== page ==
We found 4 providers with an interest in mood disorders and who accept MultiPlan near Stamford, CT.

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Specializes in Psychiatry
409 Field Point Road
Greenwich, CT

Dr. Charles Gardner's area of specialization is psychiatry. Before performing his residency at New York-Presbyterian Hospital and a hospital affiliated with Weill Cornell Medical College, Dr. Gardner attended the University of Kentucky College of Medicine for medical school. Anthem, ConnectiCare, and Blue Cross/Blue Shield are among the insurance carriers that Dr. Gardner accepts. Dr. Gardner is affiliated with Yale New Haven Health System. He is open to new patients.

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Relevant Interests: , depression, bipolar disorder

All Interests: Menopause, Depression, Psychopharmacology, Phobias, Substance Abuse, Eating Disorders, Family ... (Read more)

Specializes in General Obstetrics & Gynecology
2 1/2 Dearfield Drive
Greenwich, CT

Dr. Caterina Violi is a general obstetrics & gynecology specialist. Patient reviews placed Dr. Violi at an average of 3.5 stars out of 5. She is affiliated with Yale New Haven Health System. She is in-network for Anthem, ConnectiCare, and POMCO, as well as other insurance carriers. She is open to new patients. Dr. Violi is a graduate of the University of Rochester School of Medicine and Dentistry. For her residency, Dr. Violi trained at Winthrop University Hospital. Dr. Violi (or staff) speaks Spanish and Italian.

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Relevant Interests: , depression

All Interests: Menopause, Colposcopy, Depression, Cystocele, Uterine Prolapse, Adolescent Gynecology, Infertility, ... (Read more)

Specializes in Psychology
125 Strawberry Hill Avenue; Suite 304
Stamford, CT

Dr. Richard Frohwirth's area of specialization is psychology. His areas of expertise include the following: depression, attention deficit disorder (ADD/ADHD), and stress management. He is affiliated with Yale New Haven Health System. Dr. Frohwirth takes Anthem, ConnectiCare, POMCO, and more. He is open to new patients.

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Relevant Interests: , depression, mood disorders

All Interests: Depression, Phobias, Diagnostic Evaluation, Cognitive-Behavioral Therapy, Group Therapy Services, ... (Read more)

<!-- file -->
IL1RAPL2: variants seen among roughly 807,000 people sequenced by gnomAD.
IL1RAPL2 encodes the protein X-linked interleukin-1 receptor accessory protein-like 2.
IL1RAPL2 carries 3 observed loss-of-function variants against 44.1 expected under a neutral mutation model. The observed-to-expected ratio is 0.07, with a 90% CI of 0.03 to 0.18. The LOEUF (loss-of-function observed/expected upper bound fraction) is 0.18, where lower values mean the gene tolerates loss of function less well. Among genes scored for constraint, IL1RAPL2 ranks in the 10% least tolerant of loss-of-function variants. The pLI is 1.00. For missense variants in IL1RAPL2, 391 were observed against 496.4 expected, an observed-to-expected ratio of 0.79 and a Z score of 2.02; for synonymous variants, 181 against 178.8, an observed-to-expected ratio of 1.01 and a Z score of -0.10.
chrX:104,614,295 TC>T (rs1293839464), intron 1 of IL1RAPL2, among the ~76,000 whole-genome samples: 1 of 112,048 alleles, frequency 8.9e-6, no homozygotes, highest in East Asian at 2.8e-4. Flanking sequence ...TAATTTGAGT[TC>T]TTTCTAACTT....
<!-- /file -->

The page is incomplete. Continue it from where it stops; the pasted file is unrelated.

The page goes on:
Specializes in Social Work
141 Franklin Street
Stamford, CT

Ms. Dayna Dibiasi is a social worker in Trumbull, CT, New Haven, CT, and Stamford, CT. She is affiliated with Yale New Haven Health System. Anthem, ConnectiCare, and Blue Cross/Blue Shield are among the insurance carriers that Ms. Dibiasi honors. Ms. Dibiasi has an open panel.

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Relevant Interests: , depression

All Interests: Depression, Anxiety, Family Therapy Services, Grief Counseling, Individual Therapy

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What are Mood Disorders?

Mood disorders are mental illnesses that primarily impact a person’s feelings, or mood. A person with a mood disorder might have primarily negative or primarily positive feelings, or maybe very few feelings at all. They might cycle back and forth from feeling unusually down to feeling on top of the world. Mood disorders are challenging to live with and frequently misunderstood, but they are also treatable. The two main mood disorders are depression and bipolar disorder.

In depression, people feel unusually sad, empty, hopeless, or unhappy. They may have low self-esteem, a lack of energy, and little interest in the world around them. They may have trouble sleeping and eating regularly. Everyone feels blue now and then, but depression is different. It is much more intense than a typical down day. It lasts much longer, and it interferes with people’s ability to do the things they normally do. At its worst, depression can even lead to thoughts of suicide.

Bipolar disorder sometimes feels like depression. But a person with bipolar disorder cycles through periods of depressed mood and elevated mood, or mania. Mania is like the opposite of depression. Manic people might feel invincible and unusually happy. They might talk or move quickly and not need very much sleep. They might spend too much, eat too much, gamble, or engage in risky and impulsive behavior. In severe cases, they may even hear voices or hallucinate. There is a subset of bipolar disorder called bipolar II, with typical depression symptoms but a milder form of mania, called hypomania. Hypomania includes many of the feelings of full mania but fewer of the risky and dangerous behaviors. Approximately six million Americans suffer from bipolar disorder. It tends to run in families, but the exact cause is still not well known.

There are several effective treatments available for mood disorders, including medications and talk therapy. Not every treatment will work for every person, so it sometimes takes time to find the right fit. A good mental health professional can help.
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